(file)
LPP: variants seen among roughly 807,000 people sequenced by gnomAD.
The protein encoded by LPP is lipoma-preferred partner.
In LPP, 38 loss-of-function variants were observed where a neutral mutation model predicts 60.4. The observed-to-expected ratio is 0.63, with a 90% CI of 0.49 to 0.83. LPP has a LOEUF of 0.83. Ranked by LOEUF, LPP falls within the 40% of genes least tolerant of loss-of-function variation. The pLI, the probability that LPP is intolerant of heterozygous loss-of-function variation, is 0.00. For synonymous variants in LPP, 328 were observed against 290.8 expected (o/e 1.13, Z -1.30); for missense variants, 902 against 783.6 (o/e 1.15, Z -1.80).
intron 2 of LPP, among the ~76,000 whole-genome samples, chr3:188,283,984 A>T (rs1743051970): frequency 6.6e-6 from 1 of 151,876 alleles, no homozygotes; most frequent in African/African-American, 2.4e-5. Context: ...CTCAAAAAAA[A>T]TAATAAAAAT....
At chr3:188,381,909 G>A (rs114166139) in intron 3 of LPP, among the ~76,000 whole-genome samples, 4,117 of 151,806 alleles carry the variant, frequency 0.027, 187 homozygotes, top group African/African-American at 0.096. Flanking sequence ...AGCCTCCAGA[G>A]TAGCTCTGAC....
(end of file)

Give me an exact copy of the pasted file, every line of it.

LPP: variants seen among roughly 807,000 people sequenced by gnomAD.
The protein encoded by LPP is lipoma-preferred partner.
In LPP, 38 loss-of-function variants were observed where a neutral mutation model predicts 60.4. The observed-to-expected ratio is 0.63, with a 90% CI of 0.49 to 0.83. LPP has a LOEUF of 0.83. Ranked by LOEUF, LPP falls within the 40% of genes least tolerant of loss-of-function variation. The pLI, the probability that LPP is intolerant of heterozygous loss-of-function variation, is 0.00. For synonymous variants in LPP, 328 were observed against 290.8 expected (o/e 1.13, Z -1.30); for missense variants, 902 against 783.6 (o/e 1.15, Z -1.80).
intron 2 of LPP, among the ~76,000 whole-genome samples, chr3:188,283,984 A>T (rs1743051970): frequency 6.6e-6 from 1 of 151,876 alleles, no homozygotes; most frequent in African/African-American, 2.4e-5. Context: ...CTCAAAAAAA[A>T]TAATAAAAAT....
At chr3:188,381,909 G>A (rs114166139) in intron 3 of LPP, among the ~76,000 whole-genome samples, 4,117 of 151,806 alleles carry the variant, frequency 0.027, 187 homozygotes, top group African/African-American at 0.096. Flanking sequence ...AGCCTCCAGA[G>A]TAGCTCTGAC....